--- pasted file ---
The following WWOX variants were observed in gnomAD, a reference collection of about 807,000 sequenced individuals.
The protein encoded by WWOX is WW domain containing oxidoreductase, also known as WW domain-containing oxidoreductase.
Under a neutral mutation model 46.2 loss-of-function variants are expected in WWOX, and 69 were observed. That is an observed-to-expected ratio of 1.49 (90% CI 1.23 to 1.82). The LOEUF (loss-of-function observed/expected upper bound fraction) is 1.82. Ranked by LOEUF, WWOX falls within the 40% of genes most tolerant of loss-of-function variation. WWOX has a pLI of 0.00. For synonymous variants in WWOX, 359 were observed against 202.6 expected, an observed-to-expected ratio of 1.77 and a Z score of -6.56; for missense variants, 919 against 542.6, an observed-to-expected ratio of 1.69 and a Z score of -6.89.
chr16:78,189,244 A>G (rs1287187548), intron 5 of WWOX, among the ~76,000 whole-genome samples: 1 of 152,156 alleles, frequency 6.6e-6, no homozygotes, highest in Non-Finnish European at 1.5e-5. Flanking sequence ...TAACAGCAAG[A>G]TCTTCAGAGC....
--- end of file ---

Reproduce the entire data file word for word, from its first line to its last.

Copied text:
The following WWOX variants were observed in gnomAD, a reference collection of about 807,000 sequenced individuals.
The protein encoded by WWOX is WW domain containing oxidoreductase, also known as WW domain-containing oxidoreductase.
Under a neutral mutation model 46.2 loss-of-function variants are expected in WWOX, and 69 were observed. That is an observed-to-expected ratio of 1.49 (90% CI 1.23 to 1.82). The LOEUF (loss-of-function observed/expected upper bound fraction) is 1.82. Ranked by LOEUF, WWOX falls within the 40% of genes most tolerant of loss-of-function variation. WWOX has a pLI of 0.00. For synonymous variants in WWOX, 359 were observed against 202.6 expected, an observed-to-expected ratio of 1.77 and a Z score of -6.56; for missense variants, 919 against 542.6, an observed-to-expected ratio of 1.69 and a Z score of -6.89.
chr16:78,189,244 A>G (rs1287187548), intron 5 of WWOX, among the ~76,000 whole-genome samples: 1 of 152,156 alleles, frequency 6.6e-6, no homozygotes, highest in Non-Finnish European at 1.5e-5. Flanking sequence ...TAACAGCAAG[A>G]TCTTCAGAGC....